# Glob patterns

Glob patterns in Watchexec (for --ignore and --filter) and in Cargo Watch (for --ignore) are matched against the path of a file affected by an event and include or exclude that event from triggering an action based on that match.

Thus, the purpose of glob patterns is to provide flexible and powerful filtering in a syntax familiar to users in respect to other tools in similar shells.

The current implementation of glob patterns relies on the globset library. Here is a basic summary of its syntax:

• ? matches one character.
• * matches zero or more characters but not beyond a path component boundary (i.e. it stays within two slashes).
• ** matches zero or more characters and may span several path components (but there are many limitations, see docs).
• {a,b} matches a or b where a and b are glob patterns (nesting is not supported).
• [ab] matches a or b where a and b are characters (not patterns).

## Cargo Watch: Subtleties that may catch you out

The current implementation is less than friendly in some situations, due to how matching is performed. The most important thing to note is that matching is done over the full, absolute path. Here’s how that might catch you out:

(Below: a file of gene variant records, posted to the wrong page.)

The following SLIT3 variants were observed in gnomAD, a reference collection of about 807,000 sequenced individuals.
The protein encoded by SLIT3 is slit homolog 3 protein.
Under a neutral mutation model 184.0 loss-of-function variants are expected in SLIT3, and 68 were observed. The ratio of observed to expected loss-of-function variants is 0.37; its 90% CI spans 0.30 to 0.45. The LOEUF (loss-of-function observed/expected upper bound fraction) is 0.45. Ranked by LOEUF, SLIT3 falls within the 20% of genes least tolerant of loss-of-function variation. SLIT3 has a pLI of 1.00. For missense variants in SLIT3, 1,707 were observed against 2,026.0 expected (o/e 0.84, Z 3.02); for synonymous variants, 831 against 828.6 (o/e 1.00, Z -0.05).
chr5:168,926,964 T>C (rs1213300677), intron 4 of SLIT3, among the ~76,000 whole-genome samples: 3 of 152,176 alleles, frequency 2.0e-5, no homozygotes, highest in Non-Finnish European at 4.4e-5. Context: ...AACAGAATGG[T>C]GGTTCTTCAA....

• You generally want to prepend */ to all patterns that don’t otherwise start with a glob star.

• Folders that are parents of the watched or current directory can get matched. For example, if the current directory is /home/data/project and your project contains a directory at test/data that you want to ignore, the pattern */data/**/* will match every event path, resulting in zero events triggering actions.

• Ignoring a directory doesn’t ignore files inside it, because the events will be delivered with the path for the files within, so you need to use a pattern like */foldername/**/* instead.

This is being upgraded and most of those issues are gone in Watchexec 1.18+. The underlying engine will eventually make it to Cargo Watch, once it has stabilised.